Littal Shemer Haim

People Analytics, HR Data Strategy, Organizational Research – Consultant, Mentor, Speaker, Influencer

HR data cleaning is part of your People Analytics Journey

An analytics project starts with imperfect data assets. Clean and tidy data is a milestone in your analytics project, but the systematic errors you find lead to new procedures of data maintenance.
Photography by Littal Shemer Haim ©
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So, your HR data is dirty. It includes issues such as missing values in people’s information, typos that corrupt categorical variables, wrong labeling, duplicate records, errors, or records that you neglect of updating. And so, you live with that. You accept the inevitable reality that you’ll never have the perfect data in HR. Sadly, the messy data in HR is sometimes an excuse to avoid People Analytics projects, and hence, missing the opportunity to impact.

Start with imperfect data assets

But what if you start with what you have, i.e., your imperfect data assets? Your data quality must not be a barrier to a project. On the contrary! An analytics project is a practical step towards a better and cleaner data. No matter if you take a DIY (do it yourself) approach, or implement a people analytics solution, experience shows that practicing People Analytics will improve your data quality. After all, no one cleans data just for the sake of it. However, when you have a purpose, derived from a business challenge, and when your priority to gain visibility into your workforce insights is high, you’ll be motivated to put the time, efforts, and resources into data cleanup.

Clean and Tidy data is a milestone in your analytics project

Data preparation is a part of every analytics process in each vertical in your organization. But no one taught you that when you took analytics classes. The datasets that you’ve been practicing on were perfect and ready for analysis. In real life, you don’t get a readymade tidy data. This is a milestone in your analytics project, but you need to get there yourself. From my experience in many quantitative types of research in organizations, this is an effective way of being engaged with your data, understanding it, and reaching the most in-depth acquaintance with it.

Systematic errors lead to new procedures of data maintenance

Right after the crucial stage of transforming a business question into the hypothesis that comprises your analytics project, and spotting relevant data sources you pull and merge datasets, and start exploring it. The exploration phase starts with finding gaps in data quality and fixing them. You will surely find systematic errors. It will lead you eventually to propose or come up with new procedures to maintain data integrity and new configuration of HR platforms that your HR department will embrace later to prevents or reduce errors continuously.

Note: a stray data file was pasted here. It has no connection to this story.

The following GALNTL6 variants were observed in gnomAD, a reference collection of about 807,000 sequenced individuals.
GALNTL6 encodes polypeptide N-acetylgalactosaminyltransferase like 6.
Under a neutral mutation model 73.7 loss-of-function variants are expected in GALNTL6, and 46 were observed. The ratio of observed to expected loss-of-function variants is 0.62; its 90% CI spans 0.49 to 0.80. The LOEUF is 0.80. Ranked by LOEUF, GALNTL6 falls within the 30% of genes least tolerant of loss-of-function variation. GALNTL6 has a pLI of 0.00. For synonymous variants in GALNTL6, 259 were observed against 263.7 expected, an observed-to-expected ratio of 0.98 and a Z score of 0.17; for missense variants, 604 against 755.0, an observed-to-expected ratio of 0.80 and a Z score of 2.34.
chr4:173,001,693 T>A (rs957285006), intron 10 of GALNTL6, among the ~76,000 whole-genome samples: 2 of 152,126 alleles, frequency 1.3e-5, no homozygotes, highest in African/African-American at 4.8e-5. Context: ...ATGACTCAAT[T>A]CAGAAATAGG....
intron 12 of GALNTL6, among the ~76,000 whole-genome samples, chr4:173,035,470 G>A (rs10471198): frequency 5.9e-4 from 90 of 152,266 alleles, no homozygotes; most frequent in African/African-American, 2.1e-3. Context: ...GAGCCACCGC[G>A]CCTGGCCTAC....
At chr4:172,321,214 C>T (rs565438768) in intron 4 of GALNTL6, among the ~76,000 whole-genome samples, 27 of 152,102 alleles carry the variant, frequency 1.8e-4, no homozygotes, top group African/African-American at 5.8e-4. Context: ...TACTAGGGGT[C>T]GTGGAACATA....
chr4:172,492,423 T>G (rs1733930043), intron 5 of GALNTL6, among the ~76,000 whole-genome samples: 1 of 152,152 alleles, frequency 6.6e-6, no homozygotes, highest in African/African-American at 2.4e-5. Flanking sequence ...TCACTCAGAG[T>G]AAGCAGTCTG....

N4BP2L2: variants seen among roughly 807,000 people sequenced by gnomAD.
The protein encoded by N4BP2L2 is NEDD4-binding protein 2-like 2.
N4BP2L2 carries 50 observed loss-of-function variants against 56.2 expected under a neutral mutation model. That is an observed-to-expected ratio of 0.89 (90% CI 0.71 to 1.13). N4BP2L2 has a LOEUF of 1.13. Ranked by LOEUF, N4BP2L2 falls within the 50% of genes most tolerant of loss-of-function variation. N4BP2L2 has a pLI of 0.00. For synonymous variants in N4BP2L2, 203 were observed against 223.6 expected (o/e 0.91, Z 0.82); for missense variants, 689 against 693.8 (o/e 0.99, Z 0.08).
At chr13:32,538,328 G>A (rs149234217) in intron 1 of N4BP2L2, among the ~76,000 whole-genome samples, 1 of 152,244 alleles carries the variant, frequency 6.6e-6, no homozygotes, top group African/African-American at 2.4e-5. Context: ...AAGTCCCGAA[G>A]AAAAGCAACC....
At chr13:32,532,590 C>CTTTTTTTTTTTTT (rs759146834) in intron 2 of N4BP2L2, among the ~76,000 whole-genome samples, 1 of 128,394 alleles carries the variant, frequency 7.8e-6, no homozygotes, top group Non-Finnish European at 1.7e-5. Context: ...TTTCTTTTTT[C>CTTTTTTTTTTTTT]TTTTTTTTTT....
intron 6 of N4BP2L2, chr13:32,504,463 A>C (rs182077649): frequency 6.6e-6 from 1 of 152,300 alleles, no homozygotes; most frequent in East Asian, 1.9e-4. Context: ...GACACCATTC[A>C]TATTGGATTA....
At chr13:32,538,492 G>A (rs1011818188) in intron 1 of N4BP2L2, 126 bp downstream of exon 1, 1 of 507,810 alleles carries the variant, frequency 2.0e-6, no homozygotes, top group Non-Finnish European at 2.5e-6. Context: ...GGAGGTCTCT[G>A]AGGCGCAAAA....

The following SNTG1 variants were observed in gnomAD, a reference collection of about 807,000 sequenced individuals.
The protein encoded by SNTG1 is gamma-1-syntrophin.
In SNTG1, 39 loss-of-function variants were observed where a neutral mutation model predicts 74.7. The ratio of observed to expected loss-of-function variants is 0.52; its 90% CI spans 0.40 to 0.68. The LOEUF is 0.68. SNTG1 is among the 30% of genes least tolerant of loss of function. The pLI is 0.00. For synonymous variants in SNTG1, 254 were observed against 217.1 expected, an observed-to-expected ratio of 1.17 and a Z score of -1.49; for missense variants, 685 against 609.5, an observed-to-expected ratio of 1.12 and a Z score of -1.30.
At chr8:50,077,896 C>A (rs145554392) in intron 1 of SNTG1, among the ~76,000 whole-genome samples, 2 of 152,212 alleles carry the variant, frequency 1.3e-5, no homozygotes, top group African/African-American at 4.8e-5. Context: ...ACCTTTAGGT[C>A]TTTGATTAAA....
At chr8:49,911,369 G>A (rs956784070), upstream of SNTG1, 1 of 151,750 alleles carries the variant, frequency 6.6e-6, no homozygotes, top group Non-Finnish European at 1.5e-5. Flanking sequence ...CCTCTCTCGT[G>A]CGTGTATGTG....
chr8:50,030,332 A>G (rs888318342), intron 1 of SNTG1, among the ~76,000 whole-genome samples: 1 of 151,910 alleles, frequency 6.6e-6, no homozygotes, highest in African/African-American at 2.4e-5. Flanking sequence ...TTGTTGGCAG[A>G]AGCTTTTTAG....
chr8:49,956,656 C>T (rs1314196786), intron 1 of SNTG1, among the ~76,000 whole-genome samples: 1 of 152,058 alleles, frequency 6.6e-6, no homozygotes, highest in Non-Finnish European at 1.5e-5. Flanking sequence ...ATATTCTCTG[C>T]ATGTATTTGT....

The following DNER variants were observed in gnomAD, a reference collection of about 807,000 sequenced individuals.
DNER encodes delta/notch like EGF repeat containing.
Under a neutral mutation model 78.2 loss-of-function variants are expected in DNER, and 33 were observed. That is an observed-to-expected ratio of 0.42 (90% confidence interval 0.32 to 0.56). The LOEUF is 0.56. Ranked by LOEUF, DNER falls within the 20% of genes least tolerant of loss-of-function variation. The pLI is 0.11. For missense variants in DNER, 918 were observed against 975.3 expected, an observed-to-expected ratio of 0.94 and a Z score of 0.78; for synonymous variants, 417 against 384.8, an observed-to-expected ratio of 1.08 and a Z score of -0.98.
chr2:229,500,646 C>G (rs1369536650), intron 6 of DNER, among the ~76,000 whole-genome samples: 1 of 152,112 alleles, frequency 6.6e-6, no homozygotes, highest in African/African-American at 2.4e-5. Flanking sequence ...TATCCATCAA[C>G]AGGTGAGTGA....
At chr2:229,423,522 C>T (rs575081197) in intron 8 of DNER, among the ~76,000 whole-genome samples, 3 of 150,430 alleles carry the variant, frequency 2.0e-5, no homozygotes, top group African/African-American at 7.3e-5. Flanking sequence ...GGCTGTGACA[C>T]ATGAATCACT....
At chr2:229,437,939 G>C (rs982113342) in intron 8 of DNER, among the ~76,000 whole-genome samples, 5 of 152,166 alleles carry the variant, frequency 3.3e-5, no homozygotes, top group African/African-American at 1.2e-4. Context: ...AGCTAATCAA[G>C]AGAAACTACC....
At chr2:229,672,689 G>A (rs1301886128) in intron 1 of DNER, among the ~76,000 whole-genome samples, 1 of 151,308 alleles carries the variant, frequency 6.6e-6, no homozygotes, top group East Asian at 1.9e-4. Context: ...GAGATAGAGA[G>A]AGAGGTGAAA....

Therefore, you should not be intimidated by the entire data lake of the HR department. Focus on cleaning the datasets of your analytics project. When I meet HR professionals that have analytics questions on their minds, I am confident that there is a higher chance that they will find a way to improve data quality. So, the win is double! You gain less burden in cleaning up only the data you need, but HR data quality is on a constant change and for better!

How far should you go in data cleaning?

If you reached this point, you are probably raising two additional questions in your heart: how far should you go? And how to do it the right way? The first question is hard to answer; therefore, my obvious answer as a consultant would be: “It depends.” In the realm of workforce analytics, data accuracy may be more critical in some cases, e.g., when predicting personal outcomes. However, there are many cases in which you study groups and deal with means as estimates. In such cases, you can handle the inaccuracy and make the appropriate notes and reservations about it. The expectations about data quality should be an ongoing discussion that depends on the context of the data usage. The definition of data quality will include dimensions such as accuracy, completeness, consistency, integrity, reasonability, timeliness, deduplication, validity, and so forth, based on the context of your analysis.

The second question, regarding the best practice of data cleaning, is easy to answer. In fact, I incorporated the data cleaning best practice into a new workshop, to teach you how to fix your data, and make sure your data handling is well documented and your analytics project is reproducible.

Littal Shemer Haim

Littal Shemer Haim

Littal Shemer Haim brings Data Science into HR activities, to guide organizations to base decision-making about people on data. Her vast experience in applied research, keen usage of statistical modeling, constant exposure to new technologies, and genuine interest in people’s lives, all led her to focus nowadays on HR Data Strategy, People Analytics, and Organizational Research.

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